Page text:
Crowdfunding

Crowd Funding

I have a love for crowd funding, the idea where we can all be investors or show our support for projects we care about, are interested in or simply intrigued by.

I think that crowd funding is an absolutely brilliant way for craft businesses to get projects off the ground.  In fact, if it had been more accepted when I was working on Planet Handmade we might have been able to get the funding we needed to become advocates for small makers, but ho hum.

In our industry they can be supremely successful.  I know that Jen Best funds all her books about Dorset buttons this way, keeping this heritage craft alive and increasing it’s profile today.  The lovely Susan Crawford’s project was so successful that she exceeded her target and was able to spend more time on research which benefits all of us who have invested.  The book The Vintage Shetland Project will be out soon and I just can’t wait.

I have coughed up a few pennies in the last couple of years in other sectors with mixed results. Philippe Starck’s  Wistiki delivered on time and now means I can track my dog if she runs off.  The product is beautifully designed, as you would expect from a name like his, and reasonable priced.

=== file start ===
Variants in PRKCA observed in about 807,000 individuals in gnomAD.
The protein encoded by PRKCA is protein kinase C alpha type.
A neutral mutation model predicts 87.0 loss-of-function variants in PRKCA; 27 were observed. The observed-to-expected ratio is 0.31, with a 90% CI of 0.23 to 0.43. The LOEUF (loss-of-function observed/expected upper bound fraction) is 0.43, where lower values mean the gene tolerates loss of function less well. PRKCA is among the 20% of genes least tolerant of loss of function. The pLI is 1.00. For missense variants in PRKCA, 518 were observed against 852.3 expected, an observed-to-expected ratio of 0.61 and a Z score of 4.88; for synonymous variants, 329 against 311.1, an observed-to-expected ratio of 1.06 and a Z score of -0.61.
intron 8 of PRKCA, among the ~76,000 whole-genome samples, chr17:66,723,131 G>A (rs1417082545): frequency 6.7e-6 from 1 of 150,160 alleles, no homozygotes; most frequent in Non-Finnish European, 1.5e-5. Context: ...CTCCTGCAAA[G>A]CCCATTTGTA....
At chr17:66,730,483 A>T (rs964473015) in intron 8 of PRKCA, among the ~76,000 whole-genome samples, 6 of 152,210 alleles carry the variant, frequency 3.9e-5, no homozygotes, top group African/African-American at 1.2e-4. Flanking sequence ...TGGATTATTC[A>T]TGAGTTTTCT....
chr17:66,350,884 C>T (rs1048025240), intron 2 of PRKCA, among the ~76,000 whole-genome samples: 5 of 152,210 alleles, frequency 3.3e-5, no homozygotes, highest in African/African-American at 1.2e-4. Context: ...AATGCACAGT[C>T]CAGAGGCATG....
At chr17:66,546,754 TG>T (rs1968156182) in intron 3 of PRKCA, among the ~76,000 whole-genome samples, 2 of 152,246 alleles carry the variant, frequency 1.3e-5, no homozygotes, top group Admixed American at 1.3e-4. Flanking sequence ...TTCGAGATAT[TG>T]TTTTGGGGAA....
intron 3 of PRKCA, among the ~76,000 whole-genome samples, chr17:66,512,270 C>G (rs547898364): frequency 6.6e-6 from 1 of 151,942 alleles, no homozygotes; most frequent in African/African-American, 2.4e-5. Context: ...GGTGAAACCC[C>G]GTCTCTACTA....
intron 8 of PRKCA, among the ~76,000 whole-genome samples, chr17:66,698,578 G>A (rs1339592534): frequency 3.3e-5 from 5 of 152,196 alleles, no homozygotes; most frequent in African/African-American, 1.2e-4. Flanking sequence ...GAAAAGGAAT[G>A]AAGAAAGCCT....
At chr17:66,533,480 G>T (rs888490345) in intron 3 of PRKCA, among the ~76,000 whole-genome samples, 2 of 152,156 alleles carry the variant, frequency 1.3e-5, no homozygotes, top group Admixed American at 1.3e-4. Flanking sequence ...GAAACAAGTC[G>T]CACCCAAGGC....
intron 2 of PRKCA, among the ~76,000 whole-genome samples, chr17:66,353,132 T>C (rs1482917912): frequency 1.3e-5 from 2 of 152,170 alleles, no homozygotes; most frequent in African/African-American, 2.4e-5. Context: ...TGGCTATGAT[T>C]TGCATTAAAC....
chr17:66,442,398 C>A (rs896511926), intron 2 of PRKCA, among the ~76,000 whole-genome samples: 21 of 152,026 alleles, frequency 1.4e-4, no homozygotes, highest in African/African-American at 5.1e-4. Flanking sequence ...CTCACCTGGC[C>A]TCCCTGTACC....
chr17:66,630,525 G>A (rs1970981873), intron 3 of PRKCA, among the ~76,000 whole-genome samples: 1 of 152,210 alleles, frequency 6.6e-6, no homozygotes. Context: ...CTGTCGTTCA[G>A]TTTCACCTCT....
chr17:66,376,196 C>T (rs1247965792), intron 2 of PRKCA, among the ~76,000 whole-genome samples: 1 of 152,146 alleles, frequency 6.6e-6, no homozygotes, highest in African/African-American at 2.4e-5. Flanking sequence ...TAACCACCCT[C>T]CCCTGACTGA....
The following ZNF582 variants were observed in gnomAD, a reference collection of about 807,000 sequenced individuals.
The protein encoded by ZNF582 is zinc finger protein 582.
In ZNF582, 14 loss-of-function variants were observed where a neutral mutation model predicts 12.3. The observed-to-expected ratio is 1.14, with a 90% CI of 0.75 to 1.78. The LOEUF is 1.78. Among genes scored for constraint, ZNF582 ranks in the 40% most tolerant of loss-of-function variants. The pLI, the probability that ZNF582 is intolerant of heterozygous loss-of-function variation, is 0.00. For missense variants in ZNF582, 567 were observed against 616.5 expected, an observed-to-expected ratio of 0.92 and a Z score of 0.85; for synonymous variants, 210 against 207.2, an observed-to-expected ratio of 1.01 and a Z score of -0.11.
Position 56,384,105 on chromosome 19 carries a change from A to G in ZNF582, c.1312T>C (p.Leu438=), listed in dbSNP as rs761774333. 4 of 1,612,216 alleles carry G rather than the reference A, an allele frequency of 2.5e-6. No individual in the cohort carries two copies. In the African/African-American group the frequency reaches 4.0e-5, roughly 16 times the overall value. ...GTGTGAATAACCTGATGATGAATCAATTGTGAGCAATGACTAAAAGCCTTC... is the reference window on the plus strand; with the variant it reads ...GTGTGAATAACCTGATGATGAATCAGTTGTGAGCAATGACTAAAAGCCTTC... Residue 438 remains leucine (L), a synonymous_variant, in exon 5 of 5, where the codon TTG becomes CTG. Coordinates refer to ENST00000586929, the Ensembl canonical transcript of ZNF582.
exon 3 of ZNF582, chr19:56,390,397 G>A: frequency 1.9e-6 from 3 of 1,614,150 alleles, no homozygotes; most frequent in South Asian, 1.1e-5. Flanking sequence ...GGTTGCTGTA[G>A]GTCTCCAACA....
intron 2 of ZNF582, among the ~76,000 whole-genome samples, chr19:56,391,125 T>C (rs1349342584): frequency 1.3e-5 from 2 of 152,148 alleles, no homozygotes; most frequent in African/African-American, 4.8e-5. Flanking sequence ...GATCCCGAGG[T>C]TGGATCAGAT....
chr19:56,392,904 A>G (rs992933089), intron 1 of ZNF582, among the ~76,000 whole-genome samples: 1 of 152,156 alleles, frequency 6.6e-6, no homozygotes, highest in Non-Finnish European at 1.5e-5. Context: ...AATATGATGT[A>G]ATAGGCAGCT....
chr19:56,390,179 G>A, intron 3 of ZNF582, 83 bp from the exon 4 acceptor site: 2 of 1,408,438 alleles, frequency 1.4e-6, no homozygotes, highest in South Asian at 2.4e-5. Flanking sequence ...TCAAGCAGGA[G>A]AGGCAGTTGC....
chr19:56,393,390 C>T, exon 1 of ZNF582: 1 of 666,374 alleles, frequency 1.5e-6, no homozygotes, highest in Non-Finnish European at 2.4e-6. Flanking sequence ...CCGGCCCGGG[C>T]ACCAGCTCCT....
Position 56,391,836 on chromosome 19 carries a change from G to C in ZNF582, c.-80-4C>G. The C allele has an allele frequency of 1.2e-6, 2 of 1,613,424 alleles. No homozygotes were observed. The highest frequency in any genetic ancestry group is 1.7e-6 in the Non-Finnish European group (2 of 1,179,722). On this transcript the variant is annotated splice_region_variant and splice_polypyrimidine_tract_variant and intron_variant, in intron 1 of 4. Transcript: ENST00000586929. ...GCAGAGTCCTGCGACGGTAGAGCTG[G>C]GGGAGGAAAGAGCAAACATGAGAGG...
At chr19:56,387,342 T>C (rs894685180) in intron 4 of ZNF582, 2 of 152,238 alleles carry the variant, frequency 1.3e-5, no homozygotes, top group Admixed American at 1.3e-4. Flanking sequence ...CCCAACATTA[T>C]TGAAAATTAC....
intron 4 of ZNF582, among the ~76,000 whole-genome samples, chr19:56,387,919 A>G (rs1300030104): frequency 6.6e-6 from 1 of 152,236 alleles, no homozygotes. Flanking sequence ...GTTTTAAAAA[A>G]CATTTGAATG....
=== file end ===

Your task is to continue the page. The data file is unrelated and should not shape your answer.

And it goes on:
But two other projects Kerv (contactless payments enabled by a ring) and Lix (a 3D drawing pen) are proving less satisfying.  I expect there to be teething problems along the way with the inevitable delays.  I don’t get bent out of shape by that – it is just part of the R & D process.  What really gets my goat is the lack of communication.

Just because you have a great idea doesn’t mean  you know a)how to run a business, and b) understand how to deal with your customers/investors.  For heaven’s sake factor in some budget to retain a communications professional to help you otherwise your brand is in danger of being damaged before you have even delivered one item.

Entrepreneurs on Kickstarter could learn an awful lot about how to keep in touch and keep us all on board by looking at the craft industry.  Nice to know a heritage industry can teach the new young guns a thing or two.

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